CBSE Class 10 Science Carbon and Its Compounds Assignment

 
Question : Match the following with the correct response: 
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a. 1-D, 2-A, 3-C, 4-B
b. 1-B, 2-D, 3-A, 4-C
c. 1-C, 2-B, 3-D, 4-A
d. 1-A, 2-C, 3-B, 4-D
Answer : D
Explanation: Ionic bonds are formed between cations and anions. Catenation is the linkage of atoms of the same element into longer chains. Catenation occurs most readily in carbon. Pyridine is added to alcohol to make it unsuitable for drinking. Most of the synthetic detergents are nonbiodegradable. They cannot be decomposed by micro-organisms like the bacteria. 
 
Question : Hydrocarbon with molecular formula has: 
a. 10 covalent bonds
b. 7 covalent bonds
c. 13 covalent bonds
d. 6 covalent bonds
Answer : C
Explanation: Butane C4H10 has 3 C-C covalent bonds and 10 C-H covalent bonds. Thus, it has 13 covalent bonds. 
 

Very Short Answers 

 
Question : Name the organic acid present in red ants. 
Answer : The acid produced by ants is called formic acid. 
 
Question : What is the common name of ethanoic acid? How ethanoic acid is different from vinegar? Give the use of vinegar in our daily life. 
Answer :  Ethanoic acid (CH3COOH) is commonly known as acetic acid. The dilute solution of acetic acid in water (6-8%) is known as vinegar. The vinegar is used for preserving food sausage, pickles, etc. 
 

Short Answers

 
Question : Explain giving chemical equation, how are esters prepared? Specify any one property and one use of esters. 
Answer :  Ethyl ethanoate which is a ester of ethanoic acid and ethanol.
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The process is called esterification.
 
 
Question : Why is the conversion of ethanol to ethanoic acid an oxidation reaction?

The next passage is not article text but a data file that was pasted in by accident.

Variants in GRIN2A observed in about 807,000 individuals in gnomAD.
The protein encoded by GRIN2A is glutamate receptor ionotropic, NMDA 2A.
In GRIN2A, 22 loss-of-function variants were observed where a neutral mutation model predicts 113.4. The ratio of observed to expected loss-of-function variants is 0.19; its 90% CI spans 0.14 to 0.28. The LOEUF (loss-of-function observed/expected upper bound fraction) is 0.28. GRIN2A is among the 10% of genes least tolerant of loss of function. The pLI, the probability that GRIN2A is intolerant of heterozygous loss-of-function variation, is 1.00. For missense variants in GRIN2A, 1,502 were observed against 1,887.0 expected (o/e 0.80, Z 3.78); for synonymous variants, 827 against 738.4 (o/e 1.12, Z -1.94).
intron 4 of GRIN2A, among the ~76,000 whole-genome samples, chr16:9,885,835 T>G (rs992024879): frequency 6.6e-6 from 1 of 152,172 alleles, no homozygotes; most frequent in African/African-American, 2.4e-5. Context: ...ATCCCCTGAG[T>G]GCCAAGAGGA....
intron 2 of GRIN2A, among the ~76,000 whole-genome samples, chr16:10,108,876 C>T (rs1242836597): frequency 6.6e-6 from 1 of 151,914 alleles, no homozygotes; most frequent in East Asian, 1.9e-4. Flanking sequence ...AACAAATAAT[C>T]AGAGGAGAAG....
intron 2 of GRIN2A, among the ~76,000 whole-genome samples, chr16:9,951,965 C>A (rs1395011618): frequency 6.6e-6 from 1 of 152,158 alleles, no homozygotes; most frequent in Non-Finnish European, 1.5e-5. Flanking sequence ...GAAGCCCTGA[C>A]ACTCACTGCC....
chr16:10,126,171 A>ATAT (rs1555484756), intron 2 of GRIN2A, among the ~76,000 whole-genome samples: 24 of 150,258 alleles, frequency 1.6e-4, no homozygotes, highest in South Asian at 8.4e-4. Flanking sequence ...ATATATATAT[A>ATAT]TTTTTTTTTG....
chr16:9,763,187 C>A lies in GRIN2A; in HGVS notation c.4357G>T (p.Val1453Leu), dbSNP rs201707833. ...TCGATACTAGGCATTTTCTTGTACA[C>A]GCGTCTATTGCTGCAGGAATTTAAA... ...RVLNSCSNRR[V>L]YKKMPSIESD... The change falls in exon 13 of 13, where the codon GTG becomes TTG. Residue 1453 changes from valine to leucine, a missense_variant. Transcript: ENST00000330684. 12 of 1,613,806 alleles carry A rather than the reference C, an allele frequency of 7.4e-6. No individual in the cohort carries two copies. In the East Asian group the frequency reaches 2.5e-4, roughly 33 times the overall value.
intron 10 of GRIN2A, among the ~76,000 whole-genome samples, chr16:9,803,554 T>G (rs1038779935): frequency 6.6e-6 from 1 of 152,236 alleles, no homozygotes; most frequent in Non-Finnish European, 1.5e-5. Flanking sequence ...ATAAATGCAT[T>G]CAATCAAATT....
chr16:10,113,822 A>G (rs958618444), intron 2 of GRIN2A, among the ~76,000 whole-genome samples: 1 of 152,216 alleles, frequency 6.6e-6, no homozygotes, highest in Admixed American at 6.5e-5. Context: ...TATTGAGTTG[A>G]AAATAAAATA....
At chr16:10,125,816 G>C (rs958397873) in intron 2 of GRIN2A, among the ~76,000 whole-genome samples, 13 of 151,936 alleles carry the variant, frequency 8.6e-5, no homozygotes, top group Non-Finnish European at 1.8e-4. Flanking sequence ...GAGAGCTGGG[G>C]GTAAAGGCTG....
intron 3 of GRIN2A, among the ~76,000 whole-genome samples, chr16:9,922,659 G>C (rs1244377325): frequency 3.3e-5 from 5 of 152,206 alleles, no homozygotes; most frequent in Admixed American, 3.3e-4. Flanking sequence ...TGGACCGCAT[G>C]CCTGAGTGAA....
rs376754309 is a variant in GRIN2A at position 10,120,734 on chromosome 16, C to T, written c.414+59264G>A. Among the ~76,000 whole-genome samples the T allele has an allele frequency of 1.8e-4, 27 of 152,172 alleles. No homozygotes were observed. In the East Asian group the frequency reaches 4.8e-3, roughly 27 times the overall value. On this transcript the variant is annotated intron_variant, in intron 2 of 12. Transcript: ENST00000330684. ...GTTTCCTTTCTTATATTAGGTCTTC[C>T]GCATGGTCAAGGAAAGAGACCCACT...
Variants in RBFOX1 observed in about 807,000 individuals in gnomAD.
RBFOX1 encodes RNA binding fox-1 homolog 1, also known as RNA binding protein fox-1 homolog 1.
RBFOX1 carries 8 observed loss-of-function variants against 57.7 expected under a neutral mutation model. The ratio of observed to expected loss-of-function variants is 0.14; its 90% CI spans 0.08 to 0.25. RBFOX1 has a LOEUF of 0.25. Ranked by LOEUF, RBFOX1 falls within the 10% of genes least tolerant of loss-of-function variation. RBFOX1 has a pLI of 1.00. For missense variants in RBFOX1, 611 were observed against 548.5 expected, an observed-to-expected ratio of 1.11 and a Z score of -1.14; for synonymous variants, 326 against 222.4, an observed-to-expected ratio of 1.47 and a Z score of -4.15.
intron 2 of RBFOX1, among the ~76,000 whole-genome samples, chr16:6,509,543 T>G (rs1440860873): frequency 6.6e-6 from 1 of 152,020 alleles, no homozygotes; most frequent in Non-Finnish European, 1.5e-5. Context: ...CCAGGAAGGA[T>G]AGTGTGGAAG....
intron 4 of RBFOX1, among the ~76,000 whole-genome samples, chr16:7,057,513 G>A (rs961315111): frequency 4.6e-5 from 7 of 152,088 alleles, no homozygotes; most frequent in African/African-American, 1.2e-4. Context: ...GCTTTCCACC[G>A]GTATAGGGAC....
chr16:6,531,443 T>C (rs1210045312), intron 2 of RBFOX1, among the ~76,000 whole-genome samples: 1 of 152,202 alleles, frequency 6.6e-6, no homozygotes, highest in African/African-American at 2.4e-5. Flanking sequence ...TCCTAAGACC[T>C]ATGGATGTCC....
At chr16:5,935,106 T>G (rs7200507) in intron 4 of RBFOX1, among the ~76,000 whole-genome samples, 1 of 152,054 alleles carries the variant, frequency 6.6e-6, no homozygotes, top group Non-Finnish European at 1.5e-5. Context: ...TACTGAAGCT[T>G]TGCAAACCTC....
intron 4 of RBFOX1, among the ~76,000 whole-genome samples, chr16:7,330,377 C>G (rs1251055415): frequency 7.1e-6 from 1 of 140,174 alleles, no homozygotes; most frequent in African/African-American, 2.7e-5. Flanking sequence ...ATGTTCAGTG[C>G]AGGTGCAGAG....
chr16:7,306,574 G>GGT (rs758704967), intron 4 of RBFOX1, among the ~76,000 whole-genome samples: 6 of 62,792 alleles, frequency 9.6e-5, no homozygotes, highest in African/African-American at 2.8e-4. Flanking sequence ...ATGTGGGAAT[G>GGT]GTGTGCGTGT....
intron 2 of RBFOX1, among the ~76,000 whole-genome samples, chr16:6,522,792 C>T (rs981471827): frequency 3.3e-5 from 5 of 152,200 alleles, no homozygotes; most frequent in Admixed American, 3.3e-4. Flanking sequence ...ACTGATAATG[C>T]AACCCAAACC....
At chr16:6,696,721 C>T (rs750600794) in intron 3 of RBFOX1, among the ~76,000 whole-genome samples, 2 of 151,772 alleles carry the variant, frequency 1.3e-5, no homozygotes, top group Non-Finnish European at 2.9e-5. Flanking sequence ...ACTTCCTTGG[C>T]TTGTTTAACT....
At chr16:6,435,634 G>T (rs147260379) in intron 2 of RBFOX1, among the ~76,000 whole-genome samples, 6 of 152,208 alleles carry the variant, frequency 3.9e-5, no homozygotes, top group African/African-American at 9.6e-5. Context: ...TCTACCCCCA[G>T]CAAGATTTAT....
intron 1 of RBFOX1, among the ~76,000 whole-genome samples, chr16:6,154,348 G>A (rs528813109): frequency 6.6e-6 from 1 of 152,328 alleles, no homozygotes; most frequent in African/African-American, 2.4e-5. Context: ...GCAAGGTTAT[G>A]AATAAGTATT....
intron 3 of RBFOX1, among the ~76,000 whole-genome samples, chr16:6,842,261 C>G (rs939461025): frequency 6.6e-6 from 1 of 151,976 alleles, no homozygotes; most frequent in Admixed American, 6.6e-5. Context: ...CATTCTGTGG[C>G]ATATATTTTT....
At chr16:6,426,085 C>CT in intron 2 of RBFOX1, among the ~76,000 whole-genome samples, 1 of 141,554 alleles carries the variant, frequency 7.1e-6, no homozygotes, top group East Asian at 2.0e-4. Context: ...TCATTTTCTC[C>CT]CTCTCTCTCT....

Answer :  During the conversion of ethanol to ethanoic acid 1 oxygen atom is added to the ethanol to convert ethanoic acid. Addition of oxygen is nothing but oxidation. Hence, the conversion of ethanol to ethanoic acid called an oxidation reaction.
Ma-19 
 
 

Long Answers

 
Question : Name the following compounds. 
Answer :  According to the question, Given compounds are

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Ma-21


 

Carbon and Its Compound Class 10 Science Notes and Questions

 

Two or more elements combine to form compound. There are two types of compounds - Organic Compound and Inorganic Compounds. Organic compounds are the one which are made up of carbon and hydrogen.

Covalent Bond

The bond formed by sharing a pair of electrons between two atoms are known as Covalent Bond. Carbon forms covalent bond. Carbon exists in two forms- as free state and as combined state. Free form of carbon is found in graphite, diamond and fullerene. In combined state, carbon exists as Carbon-dioxide, Glucose, Sugar etc.

Allotropes of Carbon

Different forms of an element that has same chemical properties but different physical properties are known as Allotropes. There are three allotropes of carbon- diamond, graphite and fullerene.

Diamond

Diamond exits as three-dimensional network with strong carbon-carbon covalent bonds. Diamond is hard in nature with high melting point. It shines in presence of light and it is a bad conductor of electricity. The most common use of diamond is in making jewellery. It is also used in cutting and drilling tools.

 Carbon and its Compound_1

Graphite

Graphite is made from weak van der wall forces. Each carbon atom is bonded with other three carbon atoms in order to form hexagonal rings. It serves as good conductor of heat and electricity. It is used as dry lubricant for machine parts as well as it is used in lead pencils.

Carbon and its Compound_2

Fullerene

It is a hollow cage which exits in the form of sphere. Its structure is similar to fullerene. But along with hexagonal rings, sometimes pentagonal or heptagonal rings are also present.

Carbon and its Compound_3

Two Important Properties of Carbon

Catenation and tetravalency are the two important properties of carbon. Catenation is a property of carbon by which carbon atoms can link one another via covalent bond and can form long chains, closed ring or branched chains etc. Carbon atoms can be linked by single, double or triple bonds. Carbon has a valency of 4 due to which it is known to have tetravalency. Due to this one carbon atom can bond with other 4 carbon atoms, with other atoms also such as Oxygen, Nitrogen etc.

Hydrocarbons